“Jiro dreams of sushi”

This article is about the values of a Japanese chef as portrayed in the documentary “Jiro dreams of sushi”. This documentary, which is highly recommendable, is about the 85 year old sushi master, Ono Jiro, and his oldest son, Yoshikazu, who will one day take over his father’s work upon his retirement. Jiro’s extremely renowned sushi restaurant is located Ginza (Tokyo) and it has been awarded 3 prestigious Michelin stars. The lowest price of a meal is 30,000 yen (approx. 215 Euros).

Jiro is a perfectionist and loves his work. Even though he is 85 years old, this elegant gentleman feels that he is yet to reach perfection within sushi preparation. He is obsessed with his work and lives out his passion to the fullest. His mind is therefore always on sushi. His perfectionism is focused on the small details. The cumulative effect on these otherwise minor components serves to raise the quality of the final product. For example, he places great emphasis on the methods for maintaining the temperature of both the fish and rice. So as to improve the taste of octopus, his students massage it for 50 minutes instead of the traditional 30 minutes.

His oldest son, whom everyone expects will take over one day, is in charge of the daily routines. His other son has become an entrepreneur and has opened a nearly identical sushi restaurant in Roppongi Hills (Tokyo). As he puts it, his father has worked with sushi since before he was born, and therefore he cannot consider himself to be his father\’s equal. As a sign of respect of his father’s status, he has lowered his sushi price despite the fact that the concept is the same. Since he is left handed, his bar is decorated as a mirror image of his father’s.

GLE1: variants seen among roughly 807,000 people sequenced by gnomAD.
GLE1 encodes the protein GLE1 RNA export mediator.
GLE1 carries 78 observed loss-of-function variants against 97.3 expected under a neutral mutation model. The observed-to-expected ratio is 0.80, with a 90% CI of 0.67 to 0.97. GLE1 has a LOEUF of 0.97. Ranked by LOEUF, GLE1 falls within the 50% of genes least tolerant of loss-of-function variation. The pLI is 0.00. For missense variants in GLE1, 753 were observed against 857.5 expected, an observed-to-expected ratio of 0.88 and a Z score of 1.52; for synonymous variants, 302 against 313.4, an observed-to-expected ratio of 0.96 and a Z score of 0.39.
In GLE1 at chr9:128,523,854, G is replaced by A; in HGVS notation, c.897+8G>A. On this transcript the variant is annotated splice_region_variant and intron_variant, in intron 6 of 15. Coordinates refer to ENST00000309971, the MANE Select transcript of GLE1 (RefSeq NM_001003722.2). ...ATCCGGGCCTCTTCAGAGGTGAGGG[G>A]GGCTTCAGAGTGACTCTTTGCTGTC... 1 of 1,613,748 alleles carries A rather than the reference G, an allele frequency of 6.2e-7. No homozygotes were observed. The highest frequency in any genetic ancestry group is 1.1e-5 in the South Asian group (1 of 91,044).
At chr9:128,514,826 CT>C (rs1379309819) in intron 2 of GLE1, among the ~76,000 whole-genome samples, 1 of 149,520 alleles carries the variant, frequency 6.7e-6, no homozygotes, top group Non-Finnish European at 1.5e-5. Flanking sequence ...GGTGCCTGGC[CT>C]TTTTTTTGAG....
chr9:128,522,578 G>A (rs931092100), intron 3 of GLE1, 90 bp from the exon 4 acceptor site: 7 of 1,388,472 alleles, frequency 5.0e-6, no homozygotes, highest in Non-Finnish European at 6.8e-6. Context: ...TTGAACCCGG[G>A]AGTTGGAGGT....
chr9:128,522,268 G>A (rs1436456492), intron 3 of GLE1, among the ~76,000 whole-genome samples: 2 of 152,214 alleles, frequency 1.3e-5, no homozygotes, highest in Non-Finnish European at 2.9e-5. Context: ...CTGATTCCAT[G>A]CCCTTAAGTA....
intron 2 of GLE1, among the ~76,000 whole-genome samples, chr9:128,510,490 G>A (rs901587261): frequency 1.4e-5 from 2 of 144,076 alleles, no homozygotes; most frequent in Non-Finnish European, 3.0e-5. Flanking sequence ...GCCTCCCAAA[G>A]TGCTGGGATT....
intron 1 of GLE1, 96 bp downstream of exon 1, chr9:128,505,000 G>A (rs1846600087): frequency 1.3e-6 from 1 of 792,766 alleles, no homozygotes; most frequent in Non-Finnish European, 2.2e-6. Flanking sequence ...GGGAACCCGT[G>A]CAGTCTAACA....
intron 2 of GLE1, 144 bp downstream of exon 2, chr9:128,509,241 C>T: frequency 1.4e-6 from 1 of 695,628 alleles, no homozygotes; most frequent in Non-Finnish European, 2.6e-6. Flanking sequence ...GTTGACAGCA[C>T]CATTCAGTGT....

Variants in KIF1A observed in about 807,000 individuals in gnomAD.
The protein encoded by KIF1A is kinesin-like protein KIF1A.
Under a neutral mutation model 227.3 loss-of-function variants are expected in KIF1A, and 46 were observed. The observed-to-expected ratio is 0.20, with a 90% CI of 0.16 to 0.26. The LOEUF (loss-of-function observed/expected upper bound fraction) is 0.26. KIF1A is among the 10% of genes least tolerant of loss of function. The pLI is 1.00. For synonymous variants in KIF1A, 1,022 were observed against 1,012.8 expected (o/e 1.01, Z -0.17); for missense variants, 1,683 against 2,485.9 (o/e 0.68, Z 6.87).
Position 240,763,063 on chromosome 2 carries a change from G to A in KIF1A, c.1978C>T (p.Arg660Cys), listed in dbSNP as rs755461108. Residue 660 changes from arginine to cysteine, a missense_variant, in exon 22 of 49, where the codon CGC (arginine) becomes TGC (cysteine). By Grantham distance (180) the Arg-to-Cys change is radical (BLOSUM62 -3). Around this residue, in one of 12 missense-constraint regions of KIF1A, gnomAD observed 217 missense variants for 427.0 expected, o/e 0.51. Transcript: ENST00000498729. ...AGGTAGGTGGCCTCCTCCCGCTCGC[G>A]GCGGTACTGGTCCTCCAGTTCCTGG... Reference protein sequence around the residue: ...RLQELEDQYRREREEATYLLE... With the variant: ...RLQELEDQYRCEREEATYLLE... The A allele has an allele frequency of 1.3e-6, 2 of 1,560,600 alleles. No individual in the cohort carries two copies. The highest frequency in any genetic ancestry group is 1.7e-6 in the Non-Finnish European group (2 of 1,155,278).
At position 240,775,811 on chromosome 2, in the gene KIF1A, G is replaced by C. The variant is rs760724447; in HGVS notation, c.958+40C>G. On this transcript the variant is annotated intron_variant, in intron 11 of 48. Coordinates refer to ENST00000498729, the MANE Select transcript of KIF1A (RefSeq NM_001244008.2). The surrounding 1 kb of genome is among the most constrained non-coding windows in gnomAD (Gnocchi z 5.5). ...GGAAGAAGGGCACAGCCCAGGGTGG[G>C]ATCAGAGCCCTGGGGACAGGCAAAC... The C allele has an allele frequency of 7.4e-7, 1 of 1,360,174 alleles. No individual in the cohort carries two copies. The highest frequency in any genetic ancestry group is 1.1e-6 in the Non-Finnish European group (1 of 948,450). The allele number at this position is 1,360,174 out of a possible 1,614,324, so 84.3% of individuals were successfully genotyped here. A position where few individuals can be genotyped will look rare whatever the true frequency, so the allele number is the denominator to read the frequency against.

Jiro possesses incredible discipline. He is always self critical, yet with a rare sense of contentment, and his mind is always thinking about how to improve the taste of his food.

“A real craftsman gets good fish and prepares it well,” he says. “We do not think so much about making money.”

He enjoys his work every day, and in his opinion, this is how a true craftsman is.

According to the film, a great chef must possess have 5 qualities:

  • He must be fully committed and always do the best he can.
  • He must always strive to improve.
  • He must be meticulous about hygiene. Good hygiene is crucial for good cooking.
  • He must be stubborn and not pay too much attention to what others say.
  • He must be passionate.

Jiro is a perfectionist and possesses all 5 qualities. Even his students must undergo a 10 year long apprenticeship. This starts with the task of twisting the hot towels with their bare hands, which virtually no one completes without burning their fingers. When they can twist the towels without burning their fingers, they are allowed to touch the fish.

The film also talks about the logistics, including the selection of the different kinds of fresh fish and shellfish, which are offered by the suppliers in the world-renowned Tsukiji fish market. Jiro’s perfectionism once again comes into play and he only selects the best, as this is crucial for the quality of the sushi. Due to the father’s age, his son handles the selection of fish. Over the years, they have built a small network of very specialised suppliers who are just as critical as Jiro is himself. This is seen clearly when the suppliers choose the fish from the fish market. These suppliers have been in the business for so many years that they can sense quality and tell the difference between good and bad fish.

Due to over-fishing, the variety of shellfish has become limited and the challenge they now face is for the son to find a suitable substitute. Jiro claims that shellfish and certain species of fish can be substituted, but finding a full substitute for tuna is impossible.

The film is not just about sushi, but also about dedication and about loving what you do.

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